Thank you Madam President and thank you to the two Under-Secretaries-General for your helpful briefings.
Madam President, I’d like to structure my remarks around six headings:
- The UK position on the Golan;
- UN Security Council Resolutions;
- What this means for the international order;
- Israel’s right to security;
- The Middle East Peace Process;
- and UNDOF.
On the first point, the United Kingdom’s position has not changed Madam President. It is our position that the Golan Heights is territory occupied by Israel.
The turbulent history of the region is of course well-known. Following the 1967 Six-Day War, Israel took control of the Golan, including the disputed Sheba’a Farms, and in 1981 took the decision to annex the territory. The United Kingdom did not recognise that annexation and nor do we today.
Annexation of territory by force is prohibited under international law, including the UN Charter. In addition, under the Law of State Responsibility, states are obliged not recognise the annexation of territory as a result of force.
Turning to the UN Security Council Resolutions; it is important, Madam President, that we uphold the relevant UN Security Resolutions. Security Council Resolution 242 – which the then British delegation had the honour to pen – was adopted unanimously by the UN Security Council on November 22, 1967. British sponsored, it called on all parties to end territorial claims, acknowledge the sovereignty, territorial integrity and political independence of every state in the area and for “the withdrawal of Israeli armed forces from territories occupied in the recent conflict”.
We recall, Madame President, that Security Council Resolution 497, adopted unanimously on 17 December 1981, decided that the Israeli Golan Heights Law, which effectively annexed the Golan Heights, is “null and void and without international legal effect” and it further demanded that Israel rescind its action.
The decision by the United States to recognise Israeli sovereignty over the Golan Heights is in contravention of UN Security Council Resolution 497.
In terms of international order, Madame President, the United Kingdom firmly believes that the rules based international system has increased states’ ability to resolve their differences peacefully, and it has provided a framework for the greatest sustained rise in prosperity which mankind has seen. This is why the United Kingdom thinks we should work hard with our international partners to nurture and protect these rules.
Madame President, the right to self defence is inherent. Israel has a right to defend itself. She has a right to security and her people has a right to live in safety. We do not wish to diminish Israel’s genuine security concerns. We fully support her right to defend herself and urge, the Asad Regime, Iran and Hizbollah to refrain from actions which will only lead to increased instability in the region as well as put civilians at risk. As the US Representative has noted, Syria has allowed the use of its territory to launch missiles at Israel and at Israeli civilians. This is not acceptable. But at the same time Madame President, we emphasise importance of adhering to rules-based international system and abiding by UNSCRs which are designed to protect that system. And this is true irrespective of the importance of the Golan is to Israel’s security, or of the lack of progress in peace talks.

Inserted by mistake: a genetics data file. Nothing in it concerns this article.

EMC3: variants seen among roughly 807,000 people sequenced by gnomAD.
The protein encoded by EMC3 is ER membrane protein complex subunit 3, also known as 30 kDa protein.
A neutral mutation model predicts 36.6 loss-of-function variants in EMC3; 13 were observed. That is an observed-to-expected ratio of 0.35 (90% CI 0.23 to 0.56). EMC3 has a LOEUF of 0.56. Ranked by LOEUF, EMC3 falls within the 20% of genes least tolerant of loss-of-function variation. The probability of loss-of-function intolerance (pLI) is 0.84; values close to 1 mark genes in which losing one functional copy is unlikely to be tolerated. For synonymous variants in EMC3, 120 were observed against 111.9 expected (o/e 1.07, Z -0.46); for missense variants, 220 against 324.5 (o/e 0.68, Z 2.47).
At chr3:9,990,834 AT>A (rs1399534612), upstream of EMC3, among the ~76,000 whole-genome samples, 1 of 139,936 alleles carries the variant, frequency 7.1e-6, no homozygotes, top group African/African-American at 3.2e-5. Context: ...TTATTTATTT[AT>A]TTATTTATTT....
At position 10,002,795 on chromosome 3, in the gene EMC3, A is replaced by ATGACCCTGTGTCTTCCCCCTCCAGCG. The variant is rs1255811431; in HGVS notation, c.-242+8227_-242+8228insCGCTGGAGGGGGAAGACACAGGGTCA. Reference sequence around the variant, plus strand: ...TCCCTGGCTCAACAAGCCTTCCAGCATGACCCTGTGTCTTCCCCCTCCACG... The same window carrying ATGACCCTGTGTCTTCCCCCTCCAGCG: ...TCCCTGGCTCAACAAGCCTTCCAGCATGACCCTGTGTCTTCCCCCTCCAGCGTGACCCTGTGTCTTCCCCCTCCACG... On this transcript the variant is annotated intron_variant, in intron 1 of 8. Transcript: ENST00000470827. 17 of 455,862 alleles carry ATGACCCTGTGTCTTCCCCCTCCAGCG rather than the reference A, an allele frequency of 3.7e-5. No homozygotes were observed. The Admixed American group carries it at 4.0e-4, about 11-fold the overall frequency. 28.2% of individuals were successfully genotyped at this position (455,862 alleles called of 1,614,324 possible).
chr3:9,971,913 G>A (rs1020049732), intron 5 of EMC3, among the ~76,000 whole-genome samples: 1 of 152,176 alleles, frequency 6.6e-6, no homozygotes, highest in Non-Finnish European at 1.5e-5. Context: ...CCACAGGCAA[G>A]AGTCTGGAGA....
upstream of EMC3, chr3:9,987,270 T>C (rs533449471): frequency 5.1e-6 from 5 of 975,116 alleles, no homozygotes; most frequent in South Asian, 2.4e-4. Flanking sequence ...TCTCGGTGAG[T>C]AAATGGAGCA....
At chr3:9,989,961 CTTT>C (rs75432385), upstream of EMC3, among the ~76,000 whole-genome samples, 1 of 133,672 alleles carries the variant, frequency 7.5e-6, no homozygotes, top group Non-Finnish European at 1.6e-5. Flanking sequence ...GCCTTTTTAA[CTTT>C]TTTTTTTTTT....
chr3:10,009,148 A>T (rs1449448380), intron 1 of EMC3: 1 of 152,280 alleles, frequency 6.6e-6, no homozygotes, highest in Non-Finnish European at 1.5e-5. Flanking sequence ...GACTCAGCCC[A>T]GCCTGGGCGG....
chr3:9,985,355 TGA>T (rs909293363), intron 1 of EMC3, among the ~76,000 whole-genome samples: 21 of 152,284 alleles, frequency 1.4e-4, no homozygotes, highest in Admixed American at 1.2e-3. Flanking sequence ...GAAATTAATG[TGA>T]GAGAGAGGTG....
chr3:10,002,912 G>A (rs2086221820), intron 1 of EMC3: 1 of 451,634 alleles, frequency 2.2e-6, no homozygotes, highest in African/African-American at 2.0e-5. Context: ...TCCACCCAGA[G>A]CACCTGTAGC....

Turning to the peace talks; Resolution 242 enshrined the concept of land for peace and this has proven successful in ending the conflict between Israel, Jordan and Egypt. We believe it remains a basic principle for resolving peace between Israel, the Palestinians and other neighbours.
I want to emphasise, Madame President, that we strongly welcome the US’s efforts on the Middle East Peace Process and we encourage the US Administration to bring forward detailed proposals for a viable Israeli-Palestinian peace agreement that addresses the legitimate concerns of both parties. We continue to believe that the best way to achieve this is through substantive peace talks between the parties leading to a two-state solution.
Finally, Madame President, turning to UNDOF; the United Kingdom expresses its strong support for UNDOF. It should be the only armed forces active in the area of separation. The presence and activity of any other armed forces, armed personnel and/or military equipment of any kind in the area of separation contravenes the Disengagement of Forces Agreement and Security Council Resolution 2394 of 2017. The United Kingdom remains committed to supporting UNDOF’s mandate and we look forward to engaging in discussions regarding its renewal in June.
Thank you Madam President.
- March 27, 2019 at 11:44 pm by Editor (displayed above)
- March 27, 2019 at 11:44 pm by Editor